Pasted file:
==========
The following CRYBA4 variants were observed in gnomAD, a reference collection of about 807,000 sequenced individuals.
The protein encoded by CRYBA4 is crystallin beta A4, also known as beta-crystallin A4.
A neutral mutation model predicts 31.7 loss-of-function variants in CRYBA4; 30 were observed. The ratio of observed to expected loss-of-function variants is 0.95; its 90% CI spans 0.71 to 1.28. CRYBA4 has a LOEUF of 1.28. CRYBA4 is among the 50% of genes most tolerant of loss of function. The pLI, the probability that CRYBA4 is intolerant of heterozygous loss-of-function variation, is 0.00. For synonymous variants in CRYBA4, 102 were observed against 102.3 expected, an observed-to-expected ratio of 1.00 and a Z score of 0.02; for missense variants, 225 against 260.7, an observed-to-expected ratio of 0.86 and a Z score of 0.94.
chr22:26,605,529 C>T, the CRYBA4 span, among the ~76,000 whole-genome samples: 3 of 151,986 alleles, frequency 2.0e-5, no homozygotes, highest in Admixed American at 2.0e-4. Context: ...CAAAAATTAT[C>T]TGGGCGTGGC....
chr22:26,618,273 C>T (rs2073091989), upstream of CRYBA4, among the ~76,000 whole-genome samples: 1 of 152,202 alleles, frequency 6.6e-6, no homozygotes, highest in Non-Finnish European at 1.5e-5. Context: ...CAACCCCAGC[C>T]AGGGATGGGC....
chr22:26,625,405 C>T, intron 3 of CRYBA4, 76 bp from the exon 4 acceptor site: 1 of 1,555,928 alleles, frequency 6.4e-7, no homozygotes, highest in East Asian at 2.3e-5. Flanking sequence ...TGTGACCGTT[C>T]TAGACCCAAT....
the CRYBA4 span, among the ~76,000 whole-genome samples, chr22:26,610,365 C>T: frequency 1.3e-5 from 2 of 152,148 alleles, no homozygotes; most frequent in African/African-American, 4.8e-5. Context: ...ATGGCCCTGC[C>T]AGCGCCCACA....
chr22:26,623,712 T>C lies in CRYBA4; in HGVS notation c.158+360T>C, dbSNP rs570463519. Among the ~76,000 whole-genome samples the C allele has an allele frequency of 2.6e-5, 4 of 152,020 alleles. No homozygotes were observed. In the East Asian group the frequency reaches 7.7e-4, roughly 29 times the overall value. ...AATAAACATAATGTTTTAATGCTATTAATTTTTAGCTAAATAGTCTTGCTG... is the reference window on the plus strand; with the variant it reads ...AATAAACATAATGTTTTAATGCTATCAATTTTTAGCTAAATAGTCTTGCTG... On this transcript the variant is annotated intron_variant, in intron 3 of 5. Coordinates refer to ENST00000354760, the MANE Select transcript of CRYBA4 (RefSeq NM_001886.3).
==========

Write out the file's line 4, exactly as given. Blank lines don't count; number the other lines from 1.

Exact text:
chr22:26,605,529 C>T, the CRYBA4 span, among the ~76,000 whole-genome samples: 3 of 151,986 alleles, frequency 2.0e-5, no homozygotes, highest in Admixed American at 2.0e-4. Context: ...CAAAAATTAT[C>T]TGGGCGTGGC....